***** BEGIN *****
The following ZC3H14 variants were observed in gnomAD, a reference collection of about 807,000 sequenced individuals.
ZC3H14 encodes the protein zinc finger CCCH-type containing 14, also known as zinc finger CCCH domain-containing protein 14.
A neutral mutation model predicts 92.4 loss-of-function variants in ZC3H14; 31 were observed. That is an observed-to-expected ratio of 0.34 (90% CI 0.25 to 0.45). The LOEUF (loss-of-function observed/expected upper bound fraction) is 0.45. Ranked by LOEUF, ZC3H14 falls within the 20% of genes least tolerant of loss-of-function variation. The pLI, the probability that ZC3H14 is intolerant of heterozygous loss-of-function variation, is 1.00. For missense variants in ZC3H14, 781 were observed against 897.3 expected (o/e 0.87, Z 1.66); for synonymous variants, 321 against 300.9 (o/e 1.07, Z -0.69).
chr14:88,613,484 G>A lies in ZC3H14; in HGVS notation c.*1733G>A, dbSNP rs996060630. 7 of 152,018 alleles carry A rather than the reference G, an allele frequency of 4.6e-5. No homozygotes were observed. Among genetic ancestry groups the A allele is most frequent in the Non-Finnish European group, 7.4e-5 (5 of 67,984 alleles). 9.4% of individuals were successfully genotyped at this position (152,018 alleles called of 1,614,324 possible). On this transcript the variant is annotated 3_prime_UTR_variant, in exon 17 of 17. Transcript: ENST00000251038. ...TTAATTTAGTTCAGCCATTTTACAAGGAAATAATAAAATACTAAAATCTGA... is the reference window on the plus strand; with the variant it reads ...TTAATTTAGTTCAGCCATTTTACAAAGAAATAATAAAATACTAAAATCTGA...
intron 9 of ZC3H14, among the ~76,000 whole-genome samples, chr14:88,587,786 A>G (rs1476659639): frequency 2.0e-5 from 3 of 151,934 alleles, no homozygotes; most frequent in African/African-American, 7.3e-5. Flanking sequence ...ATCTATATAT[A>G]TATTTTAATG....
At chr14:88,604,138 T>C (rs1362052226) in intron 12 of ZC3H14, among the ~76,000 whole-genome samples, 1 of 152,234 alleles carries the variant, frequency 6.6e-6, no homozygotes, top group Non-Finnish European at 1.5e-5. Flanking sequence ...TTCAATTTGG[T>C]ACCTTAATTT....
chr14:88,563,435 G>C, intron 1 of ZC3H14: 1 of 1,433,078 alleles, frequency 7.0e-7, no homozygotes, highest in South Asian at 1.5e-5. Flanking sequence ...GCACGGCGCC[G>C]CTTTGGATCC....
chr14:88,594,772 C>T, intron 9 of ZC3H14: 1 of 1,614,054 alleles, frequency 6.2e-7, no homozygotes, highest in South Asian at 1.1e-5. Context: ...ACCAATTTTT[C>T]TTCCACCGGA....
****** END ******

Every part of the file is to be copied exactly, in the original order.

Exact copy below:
The following ZC3H14 variants were observed in gnomAD, a reference collection of about 807,000 sequenced individuals.
ZC3H14 encodes the protein zinc finger CCCH-type containing 14, also known as zinc finger CCCH domain-containing protein 14.
A neutral mutation model predicts 92.4 loss-of-function variants in ZC3H14; 31 were observed. That is an observed-to-expected ratio of 0.34 (90% CI 0.25 to 0.45). The LOEUF (loss-of-function observed/expected upper bound fraction) is 0.45. Ranked by LOEUF, ZC3H14 falls within the 20% of genes least tolerant of loss-of-function variation. The pLI, the probability that ZC3H14 is intolerant of heterozygous loss-of-function variation, is 1.00. For missense variants in ZC3H14, 781 were observed against 897.3 expected (o/e 0.87, Z 1.66); for synonymous variants, 321 against 300.9 (o/e 1.07, Z -0.69).
chr14:88,613,484 G>A lies in ZC3H14; in HGVS notation c.*1733G>A, dbSNP rs996060630. 7 of 152,018 alleles carry A rather than the reference G, an allele frequency of 4.6e-5. No homozygotes were observed. Among genetic ancestry groups the A allele is most frequent in the Non-Finnish European group, 7.4e-5 (5 of 67,984 alleles). 9.4% of individuals were successfully genotyped at this position (152,018 alleles called of 1,614,324 possible). On this transcript the variant is annotated 3_prime_UTR_variant, in exon 17 of 17. Transcript: ENST00000251038. ...TTAATTTAGTTCAGCCATTTTACAAGGAAATAATAAAATACTAAAATCTGA... is the reference window on the plus strand; with the variant it reads ...TTAATTTAGTTCAGCCATTTTACAAAGAAATAATAAAATACTAAAATCTGA...
intron 9 of ZC3H14, among the ~76,000 whole-genome samples, chr14:88,587,786 A>G (rs1476659639): frequency 2.0e-5 from 3 of 151,934 alleles, no homozygotes; most frequent in African/African-American, 7.3e-5. Flanking sequence ...ATCTATATAT[A>G]TATTTTAATG....
At chr14:88,604,138 T>C (rs1362052226) in intron 12 of ZC3H14, among the ~76,000 whole-genome samples, 1 of 152,234 alleles carries the variant, frequency 6.6e-6, no homozygotes, top group Non-Finnish European at 1.5e-5. Flanking sequence ...TTCAATTTGG[T>C]ACCTTAATTT....
chr14:88,563,435 G>C, intron 1 of ZC3H14: 1 of 1,433,078 alleles, frequency 7.0e-7, no homozygotes, highest in South Asian at 1.5e-5. Flanking sequence ...GCACGGCGCC[G>C]CTTTGGATCC....
chr14:88,594,772 C>T, intron 9 of ZC3H14: 1 of 1,614,054 alleles, frequency 6.2e-7, no homozygotes, highest in South Asian at 1.1e-5. Context: ...ACCAATTTTT[C>T]TTCCACCGGA....